Denuvo's DRM technology is routinely used to protect popular PC games from online piracy by preventing illegal downloads from working – yet the strength of the tool has been brought into question after a video emerged that appeared to show a successfully cracked version of Square Enix's adventure game Rise of the Tomb Raider.
DRM – or Digital Rights Management – is used in major AAA game titles including Metal Gear Solid 5, Hitman and Star Wars: Battlefront to halt unwanted piracy, and as a result has long-plagued those who use illegally torrented versions of games instead of legitimate purchases.
Like many other major releases the latest iteration of the popular Tomb Raider franchise was thought to be protected by DRM, however, as reported by PCGamesN, the video showing a successful debug process and load has led to theories the anti-tampering tool may have been circumvented.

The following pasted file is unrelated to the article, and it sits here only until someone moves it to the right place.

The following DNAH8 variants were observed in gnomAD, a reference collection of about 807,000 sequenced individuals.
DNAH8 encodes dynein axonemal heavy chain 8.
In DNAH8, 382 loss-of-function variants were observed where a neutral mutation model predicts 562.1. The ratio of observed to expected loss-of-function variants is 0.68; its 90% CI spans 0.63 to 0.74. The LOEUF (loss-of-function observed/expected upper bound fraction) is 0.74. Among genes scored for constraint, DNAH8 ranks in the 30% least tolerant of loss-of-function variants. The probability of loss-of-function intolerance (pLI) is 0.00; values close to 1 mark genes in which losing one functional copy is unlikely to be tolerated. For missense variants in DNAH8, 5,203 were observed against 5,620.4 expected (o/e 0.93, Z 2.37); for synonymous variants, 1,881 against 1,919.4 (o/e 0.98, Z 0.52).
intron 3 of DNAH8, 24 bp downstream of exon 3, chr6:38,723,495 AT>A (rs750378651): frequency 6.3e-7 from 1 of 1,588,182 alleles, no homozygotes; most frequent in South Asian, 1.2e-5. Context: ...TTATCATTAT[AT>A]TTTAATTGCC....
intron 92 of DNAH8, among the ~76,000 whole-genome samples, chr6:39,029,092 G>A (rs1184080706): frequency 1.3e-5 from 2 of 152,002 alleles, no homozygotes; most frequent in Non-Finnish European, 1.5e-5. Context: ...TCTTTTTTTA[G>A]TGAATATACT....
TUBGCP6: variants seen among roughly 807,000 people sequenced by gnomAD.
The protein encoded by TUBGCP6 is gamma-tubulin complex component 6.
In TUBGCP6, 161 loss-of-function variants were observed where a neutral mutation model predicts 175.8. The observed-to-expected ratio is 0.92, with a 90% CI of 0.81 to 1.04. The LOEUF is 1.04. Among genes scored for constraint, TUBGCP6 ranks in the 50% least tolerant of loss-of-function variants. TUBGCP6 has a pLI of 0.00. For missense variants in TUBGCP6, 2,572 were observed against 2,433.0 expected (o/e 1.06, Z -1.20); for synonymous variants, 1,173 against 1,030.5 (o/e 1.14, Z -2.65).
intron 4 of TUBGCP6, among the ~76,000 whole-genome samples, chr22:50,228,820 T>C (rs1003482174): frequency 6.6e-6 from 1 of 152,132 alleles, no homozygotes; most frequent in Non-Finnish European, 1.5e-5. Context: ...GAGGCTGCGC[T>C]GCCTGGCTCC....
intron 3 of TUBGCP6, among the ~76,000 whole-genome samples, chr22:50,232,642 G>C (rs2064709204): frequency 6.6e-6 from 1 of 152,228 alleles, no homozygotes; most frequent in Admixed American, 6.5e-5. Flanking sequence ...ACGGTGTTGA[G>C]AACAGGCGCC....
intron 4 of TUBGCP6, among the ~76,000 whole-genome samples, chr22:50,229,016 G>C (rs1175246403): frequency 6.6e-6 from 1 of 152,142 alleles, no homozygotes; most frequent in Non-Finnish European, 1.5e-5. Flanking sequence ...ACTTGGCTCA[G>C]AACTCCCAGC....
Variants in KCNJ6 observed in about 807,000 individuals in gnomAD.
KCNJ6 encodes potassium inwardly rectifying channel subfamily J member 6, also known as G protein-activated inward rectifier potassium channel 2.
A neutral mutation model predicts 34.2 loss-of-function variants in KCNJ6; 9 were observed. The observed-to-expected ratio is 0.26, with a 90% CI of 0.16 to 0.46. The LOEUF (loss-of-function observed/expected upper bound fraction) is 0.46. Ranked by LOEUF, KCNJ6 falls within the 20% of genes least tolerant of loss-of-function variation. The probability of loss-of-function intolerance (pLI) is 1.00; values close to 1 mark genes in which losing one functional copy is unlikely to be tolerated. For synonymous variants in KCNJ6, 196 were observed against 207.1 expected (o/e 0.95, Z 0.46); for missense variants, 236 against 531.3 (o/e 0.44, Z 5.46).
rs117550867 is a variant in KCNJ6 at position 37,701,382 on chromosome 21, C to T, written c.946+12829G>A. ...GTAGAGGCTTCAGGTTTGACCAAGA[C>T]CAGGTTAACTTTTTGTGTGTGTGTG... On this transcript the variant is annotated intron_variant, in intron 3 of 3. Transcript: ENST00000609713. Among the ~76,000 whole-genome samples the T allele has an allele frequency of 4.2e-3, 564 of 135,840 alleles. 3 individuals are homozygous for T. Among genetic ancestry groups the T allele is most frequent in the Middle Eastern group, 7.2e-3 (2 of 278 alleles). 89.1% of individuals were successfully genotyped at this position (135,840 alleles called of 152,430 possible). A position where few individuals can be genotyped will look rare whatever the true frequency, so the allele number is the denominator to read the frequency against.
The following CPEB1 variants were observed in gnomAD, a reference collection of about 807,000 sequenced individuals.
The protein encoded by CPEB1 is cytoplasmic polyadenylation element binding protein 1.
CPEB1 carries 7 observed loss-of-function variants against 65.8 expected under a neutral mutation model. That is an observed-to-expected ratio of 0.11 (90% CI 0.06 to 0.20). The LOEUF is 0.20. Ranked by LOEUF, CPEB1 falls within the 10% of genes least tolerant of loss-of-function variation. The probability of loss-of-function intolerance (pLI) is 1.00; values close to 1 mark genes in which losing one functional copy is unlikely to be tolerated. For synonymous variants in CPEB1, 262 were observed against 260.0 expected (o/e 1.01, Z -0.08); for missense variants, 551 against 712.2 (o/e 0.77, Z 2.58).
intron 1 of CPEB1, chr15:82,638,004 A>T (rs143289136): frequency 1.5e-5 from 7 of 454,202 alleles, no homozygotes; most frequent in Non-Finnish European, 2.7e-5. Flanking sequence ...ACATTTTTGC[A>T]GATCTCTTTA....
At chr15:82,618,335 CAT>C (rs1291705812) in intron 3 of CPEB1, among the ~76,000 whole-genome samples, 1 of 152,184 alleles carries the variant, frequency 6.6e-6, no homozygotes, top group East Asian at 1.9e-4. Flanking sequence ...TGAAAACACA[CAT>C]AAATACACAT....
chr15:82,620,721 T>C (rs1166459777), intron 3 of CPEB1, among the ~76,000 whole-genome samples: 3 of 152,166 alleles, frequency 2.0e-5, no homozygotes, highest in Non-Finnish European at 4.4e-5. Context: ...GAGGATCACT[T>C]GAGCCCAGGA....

Evidence in the video suggests the infamous Reloaded group of crackers are involved in the scheme as the video shows the group's logo at one stage. However, some critics believe the incident is an elaborate hoax. Indeed, at the time of writing, no files have appeared online to check if the crack is legitimate.
When contacted, Thomas Goebl, a director at Denuvo, said: "It's always hard to comment on something which is not available to the public, all files currently floating around are fake. The general positioning of our product is 'hard to crack' and not 'uncrackable'. For us it is important to secure the initial sales window of games, which worked out well on all the recent titles."
Thanks to its ability to curb piracy, entire subreddit's have formed around the topic of cracking DRM-enhanced titles. One, called r/Crackstatus, lists progress of those attempting to break the protections on games such as Far Cry Primal, DOOM and Mirror's Edge Catalyst. The page still lists Rise of the Tomb Raider as 'not cracked' and this is unlikely to change until solid proof of the reported DRM-breaking method is revealed.